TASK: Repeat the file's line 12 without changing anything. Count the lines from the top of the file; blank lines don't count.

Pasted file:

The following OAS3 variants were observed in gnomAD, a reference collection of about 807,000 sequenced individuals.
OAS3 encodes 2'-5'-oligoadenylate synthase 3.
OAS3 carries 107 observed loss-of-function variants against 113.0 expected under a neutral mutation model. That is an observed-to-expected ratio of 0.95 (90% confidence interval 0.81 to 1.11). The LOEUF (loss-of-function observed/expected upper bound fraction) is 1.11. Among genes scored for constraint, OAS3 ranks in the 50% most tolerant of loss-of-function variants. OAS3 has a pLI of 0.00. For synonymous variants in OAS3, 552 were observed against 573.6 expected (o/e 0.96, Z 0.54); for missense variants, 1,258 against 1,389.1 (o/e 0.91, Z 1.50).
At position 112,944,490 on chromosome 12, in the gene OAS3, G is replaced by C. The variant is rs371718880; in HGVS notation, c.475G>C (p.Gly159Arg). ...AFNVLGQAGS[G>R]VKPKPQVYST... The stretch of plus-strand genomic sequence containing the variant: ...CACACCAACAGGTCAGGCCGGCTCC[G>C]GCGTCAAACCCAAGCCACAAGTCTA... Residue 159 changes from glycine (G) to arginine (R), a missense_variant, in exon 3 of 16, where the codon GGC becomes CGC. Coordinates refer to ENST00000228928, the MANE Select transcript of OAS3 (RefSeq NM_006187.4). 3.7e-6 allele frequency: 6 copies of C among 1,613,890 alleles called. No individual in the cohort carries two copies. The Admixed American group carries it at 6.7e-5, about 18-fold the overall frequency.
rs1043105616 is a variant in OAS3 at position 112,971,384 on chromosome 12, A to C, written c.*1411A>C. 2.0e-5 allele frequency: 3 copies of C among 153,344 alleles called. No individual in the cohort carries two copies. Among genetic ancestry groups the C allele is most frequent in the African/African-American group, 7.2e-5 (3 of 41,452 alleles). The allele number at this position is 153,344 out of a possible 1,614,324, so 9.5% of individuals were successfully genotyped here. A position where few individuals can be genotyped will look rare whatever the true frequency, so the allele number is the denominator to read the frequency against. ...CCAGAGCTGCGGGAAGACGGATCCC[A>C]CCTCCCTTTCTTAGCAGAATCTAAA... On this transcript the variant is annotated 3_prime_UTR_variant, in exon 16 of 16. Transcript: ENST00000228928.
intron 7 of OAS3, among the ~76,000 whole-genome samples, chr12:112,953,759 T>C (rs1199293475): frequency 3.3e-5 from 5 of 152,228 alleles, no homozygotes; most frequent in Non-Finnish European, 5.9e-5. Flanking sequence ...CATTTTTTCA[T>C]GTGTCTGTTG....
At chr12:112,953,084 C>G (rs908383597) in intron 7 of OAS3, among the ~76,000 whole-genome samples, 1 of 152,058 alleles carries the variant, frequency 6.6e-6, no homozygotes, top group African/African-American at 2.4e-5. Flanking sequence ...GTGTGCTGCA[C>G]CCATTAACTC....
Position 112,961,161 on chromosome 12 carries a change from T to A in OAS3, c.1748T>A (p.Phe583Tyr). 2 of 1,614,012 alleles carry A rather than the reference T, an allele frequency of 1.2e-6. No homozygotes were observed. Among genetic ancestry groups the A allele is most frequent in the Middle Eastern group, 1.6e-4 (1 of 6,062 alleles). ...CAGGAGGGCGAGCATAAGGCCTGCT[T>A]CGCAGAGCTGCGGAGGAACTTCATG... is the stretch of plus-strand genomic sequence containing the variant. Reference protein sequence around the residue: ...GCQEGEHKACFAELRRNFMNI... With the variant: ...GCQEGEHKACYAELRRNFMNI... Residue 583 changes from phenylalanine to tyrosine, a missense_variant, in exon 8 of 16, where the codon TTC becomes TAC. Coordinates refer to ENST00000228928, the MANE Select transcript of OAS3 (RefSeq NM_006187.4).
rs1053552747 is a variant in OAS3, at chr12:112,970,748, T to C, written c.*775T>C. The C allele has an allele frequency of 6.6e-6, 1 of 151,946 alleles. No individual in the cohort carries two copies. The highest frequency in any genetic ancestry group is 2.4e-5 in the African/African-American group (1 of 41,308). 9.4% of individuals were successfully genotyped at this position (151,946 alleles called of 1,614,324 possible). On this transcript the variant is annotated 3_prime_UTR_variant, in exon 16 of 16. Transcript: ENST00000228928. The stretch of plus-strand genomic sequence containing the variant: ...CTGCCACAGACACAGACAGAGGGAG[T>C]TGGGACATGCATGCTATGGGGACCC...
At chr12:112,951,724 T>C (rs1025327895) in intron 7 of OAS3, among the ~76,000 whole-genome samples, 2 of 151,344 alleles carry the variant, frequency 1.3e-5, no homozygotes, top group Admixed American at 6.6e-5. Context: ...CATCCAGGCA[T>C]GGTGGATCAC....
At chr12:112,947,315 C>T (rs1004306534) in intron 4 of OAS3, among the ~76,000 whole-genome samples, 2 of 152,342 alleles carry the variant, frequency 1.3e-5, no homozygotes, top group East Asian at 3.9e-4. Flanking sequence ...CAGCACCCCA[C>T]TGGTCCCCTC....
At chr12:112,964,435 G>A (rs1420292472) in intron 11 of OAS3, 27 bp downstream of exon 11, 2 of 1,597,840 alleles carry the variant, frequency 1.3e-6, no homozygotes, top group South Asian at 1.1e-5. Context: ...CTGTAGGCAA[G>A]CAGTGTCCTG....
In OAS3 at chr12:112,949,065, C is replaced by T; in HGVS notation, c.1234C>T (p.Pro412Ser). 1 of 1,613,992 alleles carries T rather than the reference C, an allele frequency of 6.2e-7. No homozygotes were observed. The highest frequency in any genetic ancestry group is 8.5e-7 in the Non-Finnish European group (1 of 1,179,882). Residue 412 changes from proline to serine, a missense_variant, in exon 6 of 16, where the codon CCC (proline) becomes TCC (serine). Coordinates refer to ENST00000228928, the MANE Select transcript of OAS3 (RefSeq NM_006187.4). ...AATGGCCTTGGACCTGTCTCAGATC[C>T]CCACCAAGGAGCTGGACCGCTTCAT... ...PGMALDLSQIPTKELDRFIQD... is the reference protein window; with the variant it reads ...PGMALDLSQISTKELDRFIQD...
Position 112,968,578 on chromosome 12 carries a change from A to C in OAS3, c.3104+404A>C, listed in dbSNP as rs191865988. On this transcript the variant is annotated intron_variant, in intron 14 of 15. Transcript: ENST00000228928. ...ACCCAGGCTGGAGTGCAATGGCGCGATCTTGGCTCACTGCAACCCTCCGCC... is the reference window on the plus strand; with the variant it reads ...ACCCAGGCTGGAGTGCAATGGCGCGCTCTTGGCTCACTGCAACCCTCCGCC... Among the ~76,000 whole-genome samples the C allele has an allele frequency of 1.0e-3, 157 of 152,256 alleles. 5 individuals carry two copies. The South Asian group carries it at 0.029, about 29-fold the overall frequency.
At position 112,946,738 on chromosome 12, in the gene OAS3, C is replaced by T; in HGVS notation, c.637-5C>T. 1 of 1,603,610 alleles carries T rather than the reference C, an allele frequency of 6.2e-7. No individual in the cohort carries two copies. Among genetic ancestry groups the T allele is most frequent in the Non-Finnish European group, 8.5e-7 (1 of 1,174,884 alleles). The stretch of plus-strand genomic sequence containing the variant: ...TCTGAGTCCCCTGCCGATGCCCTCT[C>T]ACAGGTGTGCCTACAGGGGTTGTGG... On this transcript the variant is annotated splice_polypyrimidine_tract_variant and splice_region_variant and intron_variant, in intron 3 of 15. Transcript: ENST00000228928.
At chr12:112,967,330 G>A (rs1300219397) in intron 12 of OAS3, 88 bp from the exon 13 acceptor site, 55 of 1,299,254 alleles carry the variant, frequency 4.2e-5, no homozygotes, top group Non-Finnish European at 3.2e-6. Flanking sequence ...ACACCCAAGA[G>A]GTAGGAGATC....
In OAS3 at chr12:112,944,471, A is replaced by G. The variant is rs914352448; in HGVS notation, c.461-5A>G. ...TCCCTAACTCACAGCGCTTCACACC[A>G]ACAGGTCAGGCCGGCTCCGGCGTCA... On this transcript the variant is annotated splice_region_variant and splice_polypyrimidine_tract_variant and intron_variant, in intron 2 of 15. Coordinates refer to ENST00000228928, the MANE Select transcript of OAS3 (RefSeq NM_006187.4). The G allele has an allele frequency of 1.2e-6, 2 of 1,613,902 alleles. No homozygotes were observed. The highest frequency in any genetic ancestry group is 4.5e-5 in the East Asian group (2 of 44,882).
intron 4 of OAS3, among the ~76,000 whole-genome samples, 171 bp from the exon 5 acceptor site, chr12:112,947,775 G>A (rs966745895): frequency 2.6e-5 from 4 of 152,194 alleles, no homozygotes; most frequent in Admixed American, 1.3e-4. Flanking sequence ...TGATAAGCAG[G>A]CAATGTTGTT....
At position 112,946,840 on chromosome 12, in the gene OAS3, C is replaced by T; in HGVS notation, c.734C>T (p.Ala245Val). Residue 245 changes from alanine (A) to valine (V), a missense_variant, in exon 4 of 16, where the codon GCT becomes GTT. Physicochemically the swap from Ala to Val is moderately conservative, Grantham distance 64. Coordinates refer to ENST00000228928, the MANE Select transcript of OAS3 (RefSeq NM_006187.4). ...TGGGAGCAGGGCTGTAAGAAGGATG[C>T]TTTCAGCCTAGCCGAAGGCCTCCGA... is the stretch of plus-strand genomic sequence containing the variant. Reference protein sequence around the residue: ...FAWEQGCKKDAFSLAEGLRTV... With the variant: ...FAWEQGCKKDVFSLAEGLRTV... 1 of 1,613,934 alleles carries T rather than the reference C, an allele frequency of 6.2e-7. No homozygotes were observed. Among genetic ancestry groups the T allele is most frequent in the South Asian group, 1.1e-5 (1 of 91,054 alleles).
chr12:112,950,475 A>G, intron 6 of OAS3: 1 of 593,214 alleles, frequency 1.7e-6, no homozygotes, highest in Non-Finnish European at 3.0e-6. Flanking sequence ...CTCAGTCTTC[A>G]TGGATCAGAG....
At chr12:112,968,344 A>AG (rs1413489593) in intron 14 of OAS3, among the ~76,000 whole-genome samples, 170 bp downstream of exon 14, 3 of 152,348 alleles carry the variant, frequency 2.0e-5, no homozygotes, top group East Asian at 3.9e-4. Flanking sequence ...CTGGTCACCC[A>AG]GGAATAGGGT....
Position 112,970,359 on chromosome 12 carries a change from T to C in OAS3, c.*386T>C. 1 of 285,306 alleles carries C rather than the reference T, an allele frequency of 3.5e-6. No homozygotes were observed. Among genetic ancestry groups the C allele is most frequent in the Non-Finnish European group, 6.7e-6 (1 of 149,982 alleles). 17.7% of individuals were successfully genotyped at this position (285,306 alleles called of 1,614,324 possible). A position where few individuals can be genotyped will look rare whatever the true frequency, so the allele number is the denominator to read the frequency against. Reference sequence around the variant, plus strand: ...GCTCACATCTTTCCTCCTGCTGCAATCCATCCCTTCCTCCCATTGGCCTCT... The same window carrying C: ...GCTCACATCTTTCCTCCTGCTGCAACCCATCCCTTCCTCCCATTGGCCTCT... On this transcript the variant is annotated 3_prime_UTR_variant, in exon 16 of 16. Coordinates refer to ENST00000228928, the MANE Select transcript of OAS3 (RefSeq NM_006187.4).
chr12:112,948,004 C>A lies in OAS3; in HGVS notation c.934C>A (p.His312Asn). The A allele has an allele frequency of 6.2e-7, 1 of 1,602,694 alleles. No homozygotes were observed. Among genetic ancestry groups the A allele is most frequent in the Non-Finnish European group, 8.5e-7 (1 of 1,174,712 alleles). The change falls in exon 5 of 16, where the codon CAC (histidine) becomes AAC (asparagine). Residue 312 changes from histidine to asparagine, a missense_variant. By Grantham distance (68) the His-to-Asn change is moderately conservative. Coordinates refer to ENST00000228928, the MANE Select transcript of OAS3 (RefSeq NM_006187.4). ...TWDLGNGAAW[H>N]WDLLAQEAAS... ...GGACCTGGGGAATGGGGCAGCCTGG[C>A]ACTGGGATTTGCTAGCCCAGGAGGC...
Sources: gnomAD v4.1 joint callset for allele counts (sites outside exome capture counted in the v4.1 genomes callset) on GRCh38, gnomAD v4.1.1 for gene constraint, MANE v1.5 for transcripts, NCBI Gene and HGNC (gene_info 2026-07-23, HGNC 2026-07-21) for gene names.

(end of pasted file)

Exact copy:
At chr12:112,964,435 G>A (rs1420292472) in intron 11 of OAS3, 27 bp downstream of exon 11, 2 of 1,597,840 alleles carry the variant, frequency 1.3e-6, no homozygotes, top group South Asian at 1.1e-5. Context: ...CTGTAGGCAA[G>A]CAGTGTCCTG....